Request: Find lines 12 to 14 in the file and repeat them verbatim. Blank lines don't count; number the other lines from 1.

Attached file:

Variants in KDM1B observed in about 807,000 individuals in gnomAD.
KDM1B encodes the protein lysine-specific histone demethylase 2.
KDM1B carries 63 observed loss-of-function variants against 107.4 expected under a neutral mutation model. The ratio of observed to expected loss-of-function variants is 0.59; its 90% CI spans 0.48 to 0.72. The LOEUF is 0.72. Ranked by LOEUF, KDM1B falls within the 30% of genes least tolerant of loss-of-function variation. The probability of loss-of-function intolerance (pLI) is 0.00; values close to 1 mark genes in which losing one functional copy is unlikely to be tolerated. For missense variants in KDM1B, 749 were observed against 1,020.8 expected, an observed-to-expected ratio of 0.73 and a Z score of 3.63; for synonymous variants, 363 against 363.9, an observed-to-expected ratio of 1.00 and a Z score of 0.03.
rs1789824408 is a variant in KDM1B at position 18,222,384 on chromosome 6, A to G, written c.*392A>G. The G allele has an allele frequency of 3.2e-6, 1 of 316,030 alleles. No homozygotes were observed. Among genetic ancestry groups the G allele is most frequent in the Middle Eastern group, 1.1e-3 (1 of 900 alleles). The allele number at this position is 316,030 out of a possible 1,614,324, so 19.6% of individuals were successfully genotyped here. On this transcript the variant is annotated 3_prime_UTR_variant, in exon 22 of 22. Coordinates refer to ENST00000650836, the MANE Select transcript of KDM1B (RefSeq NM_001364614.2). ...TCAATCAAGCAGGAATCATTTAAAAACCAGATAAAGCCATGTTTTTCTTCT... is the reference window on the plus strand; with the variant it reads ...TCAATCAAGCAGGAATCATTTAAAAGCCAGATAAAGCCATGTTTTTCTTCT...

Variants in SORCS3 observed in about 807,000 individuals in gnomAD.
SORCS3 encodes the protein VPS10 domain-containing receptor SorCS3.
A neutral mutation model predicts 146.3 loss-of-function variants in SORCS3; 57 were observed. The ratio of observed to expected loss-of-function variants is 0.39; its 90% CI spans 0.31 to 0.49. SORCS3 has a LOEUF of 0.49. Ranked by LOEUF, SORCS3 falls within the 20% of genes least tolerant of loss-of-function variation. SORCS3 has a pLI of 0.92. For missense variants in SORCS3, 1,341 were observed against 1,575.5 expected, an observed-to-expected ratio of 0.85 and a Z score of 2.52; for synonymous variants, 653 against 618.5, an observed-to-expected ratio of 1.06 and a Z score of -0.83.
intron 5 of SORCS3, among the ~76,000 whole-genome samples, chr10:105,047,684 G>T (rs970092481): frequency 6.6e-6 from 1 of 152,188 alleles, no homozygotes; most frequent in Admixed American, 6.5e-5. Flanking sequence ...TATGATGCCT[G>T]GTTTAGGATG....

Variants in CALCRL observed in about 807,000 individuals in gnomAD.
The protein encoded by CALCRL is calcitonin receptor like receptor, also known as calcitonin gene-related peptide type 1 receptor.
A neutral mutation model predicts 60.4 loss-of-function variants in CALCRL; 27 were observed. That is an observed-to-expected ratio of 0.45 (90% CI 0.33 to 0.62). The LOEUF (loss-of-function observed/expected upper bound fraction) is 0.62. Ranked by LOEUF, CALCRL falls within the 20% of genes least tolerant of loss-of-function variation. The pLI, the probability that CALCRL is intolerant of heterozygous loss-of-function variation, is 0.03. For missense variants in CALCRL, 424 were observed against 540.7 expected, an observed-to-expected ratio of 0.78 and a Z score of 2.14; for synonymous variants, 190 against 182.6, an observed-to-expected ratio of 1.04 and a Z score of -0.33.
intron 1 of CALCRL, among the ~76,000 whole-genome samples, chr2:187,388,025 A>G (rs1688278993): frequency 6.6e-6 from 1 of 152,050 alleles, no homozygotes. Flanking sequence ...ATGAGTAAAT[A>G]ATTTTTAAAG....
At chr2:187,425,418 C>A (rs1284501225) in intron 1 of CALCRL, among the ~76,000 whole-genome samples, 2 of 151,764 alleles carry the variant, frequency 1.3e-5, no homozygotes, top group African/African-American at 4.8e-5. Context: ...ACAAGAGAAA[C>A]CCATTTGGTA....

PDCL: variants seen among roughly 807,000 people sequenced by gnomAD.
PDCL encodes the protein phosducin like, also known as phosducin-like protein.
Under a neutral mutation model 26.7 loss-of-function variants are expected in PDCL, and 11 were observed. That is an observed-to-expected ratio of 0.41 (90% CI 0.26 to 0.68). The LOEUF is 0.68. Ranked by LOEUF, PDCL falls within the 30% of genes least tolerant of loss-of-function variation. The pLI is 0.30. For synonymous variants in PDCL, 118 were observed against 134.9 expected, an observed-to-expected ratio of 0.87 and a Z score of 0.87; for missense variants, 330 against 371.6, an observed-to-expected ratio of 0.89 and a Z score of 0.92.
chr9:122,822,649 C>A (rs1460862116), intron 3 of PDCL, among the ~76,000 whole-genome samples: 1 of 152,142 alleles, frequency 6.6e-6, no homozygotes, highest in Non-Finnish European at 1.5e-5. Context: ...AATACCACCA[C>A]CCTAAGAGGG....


intron 1 of CALCRL, among the ~76,000 whole-genome samples, chr2:187,388,025 A>G (rs1688278993): frequency 6.6e-6 from 1 of 152,050 alleles, no homozygotes. Flanking sequence ...ATGAGTAAAT[A>G]ATTTTTAAAG....
At chr2:187,425,418 C>A (rs1284501225) in intron 1 of CALCRL, among the ~76,000 whole-genome samples, 2 of 151,764 alleles carry the variant, frequency 1.3e-5, no homozygotes, top group African/African-American at 4.8e-5. Context: ...ACAAGAGAAA[C>A]CCATTTGGTA....

PDCL: variants seen among roughly 807,000 people sequenced by gnomAD.